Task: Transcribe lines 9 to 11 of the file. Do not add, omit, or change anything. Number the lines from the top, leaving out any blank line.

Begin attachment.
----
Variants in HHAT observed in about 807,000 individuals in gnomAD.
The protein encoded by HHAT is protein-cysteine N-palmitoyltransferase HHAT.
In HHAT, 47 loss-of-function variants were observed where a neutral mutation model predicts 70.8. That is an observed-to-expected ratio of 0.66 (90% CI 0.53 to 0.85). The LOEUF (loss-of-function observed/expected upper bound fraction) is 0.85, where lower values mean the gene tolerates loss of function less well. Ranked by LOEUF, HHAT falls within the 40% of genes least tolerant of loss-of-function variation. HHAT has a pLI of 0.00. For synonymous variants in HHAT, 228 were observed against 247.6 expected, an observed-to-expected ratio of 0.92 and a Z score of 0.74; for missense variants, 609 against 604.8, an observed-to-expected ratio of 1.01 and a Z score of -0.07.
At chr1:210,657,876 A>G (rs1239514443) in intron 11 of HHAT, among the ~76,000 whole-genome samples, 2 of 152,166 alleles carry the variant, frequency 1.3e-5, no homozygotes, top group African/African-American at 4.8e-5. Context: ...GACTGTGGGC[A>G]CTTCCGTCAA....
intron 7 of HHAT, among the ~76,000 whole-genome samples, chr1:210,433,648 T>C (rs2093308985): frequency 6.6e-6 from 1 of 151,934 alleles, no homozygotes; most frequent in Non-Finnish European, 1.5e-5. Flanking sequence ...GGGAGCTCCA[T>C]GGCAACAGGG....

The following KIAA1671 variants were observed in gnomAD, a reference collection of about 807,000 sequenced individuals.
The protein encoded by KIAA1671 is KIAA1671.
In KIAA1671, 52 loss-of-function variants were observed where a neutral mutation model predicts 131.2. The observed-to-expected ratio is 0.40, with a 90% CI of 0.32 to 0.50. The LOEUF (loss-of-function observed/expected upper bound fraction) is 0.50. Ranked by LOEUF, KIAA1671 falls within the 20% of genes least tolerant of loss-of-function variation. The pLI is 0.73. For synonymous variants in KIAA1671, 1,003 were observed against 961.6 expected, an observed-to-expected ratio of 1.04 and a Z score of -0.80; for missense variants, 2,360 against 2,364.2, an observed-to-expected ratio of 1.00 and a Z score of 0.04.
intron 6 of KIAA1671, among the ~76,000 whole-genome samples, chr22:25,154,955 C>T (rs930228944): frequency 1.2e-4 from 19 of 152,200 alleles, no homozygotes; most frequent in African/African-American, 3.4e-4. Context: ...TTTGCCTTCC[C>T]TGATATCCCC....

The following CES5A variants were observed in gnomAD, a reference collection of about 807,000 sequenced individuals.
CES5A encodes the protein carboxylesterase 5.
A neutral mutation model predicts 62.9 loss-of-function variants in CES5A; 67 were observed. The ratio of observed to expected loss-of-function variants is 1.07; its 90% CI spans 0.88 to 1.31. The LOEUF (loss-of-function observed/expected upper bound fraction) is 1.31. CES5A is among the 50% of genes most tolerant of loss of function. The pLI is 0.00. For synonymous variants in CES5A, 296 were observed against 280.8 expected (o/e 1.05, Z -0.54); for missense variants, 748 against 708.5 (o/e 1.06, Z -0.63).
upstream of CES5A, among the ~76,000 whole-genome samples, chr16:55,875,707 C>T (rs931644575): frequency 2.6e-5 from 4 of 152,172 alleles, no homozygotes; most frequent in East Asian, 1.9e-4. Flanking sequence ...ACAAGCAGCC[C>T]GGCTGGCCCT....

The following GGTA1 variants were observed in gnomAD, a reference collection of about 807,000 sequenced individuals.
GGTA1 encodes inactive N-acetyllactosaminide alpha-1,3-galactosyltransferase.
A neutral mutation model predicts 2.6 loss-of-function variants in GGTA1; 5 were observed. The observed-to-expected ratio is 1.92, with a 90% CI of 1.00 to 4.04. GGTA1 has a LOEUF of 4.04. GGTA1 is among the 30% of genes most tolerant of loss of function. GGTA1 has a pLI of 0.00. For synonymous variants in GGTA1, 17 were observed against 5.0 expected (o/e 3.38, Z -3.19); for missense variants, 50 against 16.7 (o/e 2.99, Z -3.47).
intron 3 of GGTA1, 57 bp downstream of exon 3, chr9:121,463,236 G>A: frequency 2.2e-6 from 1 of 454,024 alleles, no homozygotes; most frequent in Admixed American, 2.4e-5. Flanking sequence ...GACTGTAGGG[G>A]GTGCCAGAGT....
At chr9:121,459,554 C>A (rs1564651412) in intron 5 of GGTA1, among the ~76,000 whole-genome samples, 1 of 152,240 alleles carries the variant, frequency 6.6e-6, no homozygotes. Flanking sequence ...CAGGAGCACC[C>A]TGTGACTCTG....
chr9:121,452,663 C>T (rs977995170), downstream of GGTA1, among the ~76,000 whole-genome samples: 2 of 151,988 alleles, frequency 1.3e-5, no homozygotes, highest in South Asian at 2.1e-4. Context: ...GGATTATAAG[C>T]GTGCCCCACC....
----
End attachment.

intron 6 of KIAA1671, among the ~76,000 whole-genome samples, chr22:25,154,955 C>T (rs930228944): frequency 1.2e-4 from 19 of 152,200 alleles, no homozygotes; most frequent in African/African-American, 3.4e-4. Context: ...TTTGCCTTCC[C>T]TGATATCCCC....

The following CES5A variants were observed in gnomAD, a reference collection of about 807,000 sequenced individuals.
CES5A encodes the protein carboxylesterase 5.